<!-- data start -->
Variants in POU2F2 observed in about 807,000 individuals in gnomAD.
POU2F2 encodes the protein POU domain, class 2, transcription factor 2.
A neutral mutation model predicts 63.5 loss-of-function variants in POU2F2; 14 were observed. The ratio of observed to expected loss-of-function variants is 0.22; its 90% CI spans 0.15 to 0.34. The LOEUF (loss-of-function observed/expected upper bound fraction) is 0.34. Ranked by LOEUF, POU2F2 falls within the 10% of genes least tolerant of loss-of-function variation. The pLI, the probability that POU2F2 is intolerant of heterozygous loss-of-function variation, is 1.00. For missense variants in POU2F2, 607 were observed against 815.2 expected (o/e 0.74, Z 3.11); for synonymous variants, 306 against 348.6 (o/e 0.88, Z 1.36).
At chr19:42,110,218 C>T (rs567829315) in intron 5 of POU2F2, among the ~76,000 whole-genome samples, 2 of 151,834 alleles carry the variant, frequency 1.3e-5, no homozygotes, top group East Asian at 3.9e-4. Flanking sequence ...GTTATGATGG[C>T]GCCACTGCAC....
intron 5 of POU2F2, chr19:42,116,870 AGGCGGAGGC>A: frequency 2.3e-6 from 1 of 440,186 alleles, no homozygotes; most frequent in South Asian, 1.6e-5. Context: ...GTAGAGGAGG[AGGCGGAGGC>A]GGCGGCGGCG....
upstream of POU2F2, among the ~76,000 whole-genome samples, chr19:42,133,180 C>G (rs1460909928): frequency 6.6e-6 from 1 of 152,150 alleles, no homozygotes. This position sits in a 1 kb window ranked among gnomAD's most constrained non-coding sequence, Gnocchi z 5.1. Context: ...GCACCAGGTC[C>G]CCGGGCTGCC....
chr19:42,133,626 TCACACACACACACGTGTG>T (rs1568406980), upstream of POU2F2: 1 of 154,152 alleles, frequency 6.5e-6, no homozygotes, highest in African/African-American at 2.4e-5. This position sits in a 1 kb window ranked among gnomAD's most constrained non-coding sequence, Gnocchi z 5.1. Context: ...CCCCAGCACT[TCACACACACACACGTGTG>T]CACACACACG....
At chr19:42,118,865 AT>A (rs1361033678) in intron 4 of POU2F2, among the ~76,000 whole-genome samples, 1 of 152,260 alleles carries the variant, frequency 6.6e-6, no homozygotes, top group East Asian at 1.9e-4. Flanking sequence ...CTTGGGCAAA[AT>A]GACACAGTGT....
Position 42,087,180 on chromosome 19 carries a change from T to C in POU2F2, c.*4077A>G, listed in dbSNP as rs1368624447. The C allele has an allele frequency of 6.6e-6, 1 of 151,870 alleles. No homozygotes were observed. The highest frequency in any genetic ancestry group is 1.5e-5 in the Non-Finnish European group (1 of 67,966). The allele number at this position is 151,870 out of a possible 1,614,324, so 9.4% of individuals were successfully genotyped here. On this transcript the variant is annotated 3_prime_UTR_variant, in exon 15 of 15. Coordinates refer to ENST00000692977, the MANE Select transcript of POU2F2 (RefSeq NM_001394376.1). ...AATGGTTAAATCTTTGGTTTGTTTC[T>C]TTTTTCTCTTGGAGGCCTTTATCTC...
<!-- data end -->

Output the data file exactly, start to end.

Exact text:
Variants in POU2F2 observed in about 807,000 individuals in gnomAD.
POU2F2 encodes the protein POU domain, class 2, transcription factor 2.
A neutral mutation model predicts 63.5 loss-of-function variants in POU2F2; 14 were observed. The ratio of observed to expected loss-of-function variants is 0.22; its 90% CI spans 0.15 to 0.34. The LOEUF (loss-of-function observed/expected upper bound fraction) is 0.34. Ranked by LOEUF, POU2F2 falls within the 10% of genes least tolerant of loss-of-function variation. The pLI, the probability that POU2F2 is intolerant of heterozygous loss-of-function variation, is 1.00. For missense variants in POU2F2, 607 were observed against 815.2 expected (o/e 0.74, Z 3.11); for synonymous variants, 306 against 348.6 (o/e 0.88, Z 1.36).
At chr19:42,110,218 C>T (rs567829315) in intron 5 of POU2F2, among the ~76,000 whole-genome samples, 2 of 151,834 alleles carry the variant, frequency 1.3e-5, no homozygotes, top group East Asian at 3.9e-4. Flanking sequence ...GTTATGATGG[C>T]GCCACTGCAC....
intron 5 of POU2F2, chr19:42,116,870 AGGCGGAGGC>A: frequency 2.3e-6 from 1 of 440,186 alleles, no homozygotes; most frequent in South Asian, 1.6e-5. Context: ...GTAGAGGAGG[AGGCGGAGGC>A]GGCGGCGGCG....
upstream of POU2F2, among the ~76,000 whole-genome samples, chr19:42,133,180 C>G (rs1460909928): frequency 6.6e-6 from 1 of 152,150 alleles, no homozygotes. This position sits in a 1 kb window ranked among gnomAD's most constrained non-coding sequence, Gnocchi z 5.1. Context: ...GCACCAGGTC[C>G]CCGGGCTGCC....
chr19:42,133,626 TCACACACACACACGTGTG>T (rs1568406980), upstream of POU2F2: 1 of 154,152 alleles, frequency 6.5e-6, no homozygotes, highest in African/African-American at 2.4e-5. This position sits in a 1 kb window ranked among gnomAD's most constrained non-coding sequence, Gnocchi z 5.1. Context: ...CCCCAGCACT[TCACACACACACACGTGTG>T]CACACACACG....
At chr19:42,118,865 AT>A (rs1361033678) in intron 4 of POU2F2, among the ~76,000 whole-genome samples, 1 of 152,260 alleles carries the variant, frequency 6.6e-6, no homozygotes, top group East Asian at 1.9e-4. Flanking sequence ...CTTGGGCAAA[AT>A]GACACAGTGT....
Position 42,087,180 on chromosome 19 carries a change from T to C in POU2F2, c.*4077A>G, listed in dbSNP as rs1368624447. The C allele has an allele frequency of 6.6e-6, 1 of 151,870 alleles. No homozygotes were observed. The highest frequency in any genetic ancestry group is 1.5e-5 in the Non-Finnish European group (1 of 67,966). The allele number at this position is 151,870 out of a possible 1,614,324, so 9.4% of individuals were successfully genotyped here. On this transcript the variant is annotated 3_prime_UTR_variant, in exon 15 of 15. Coordinates refer to ENST00000692977, the MANE Select transcript of POU2F2 (RefSeq NM_001394376.1). ...AATGGTTAAATCTTTGGTTTGTTTC[T>C]TTTTTCTCTTGGAGGCCTTTATCTC...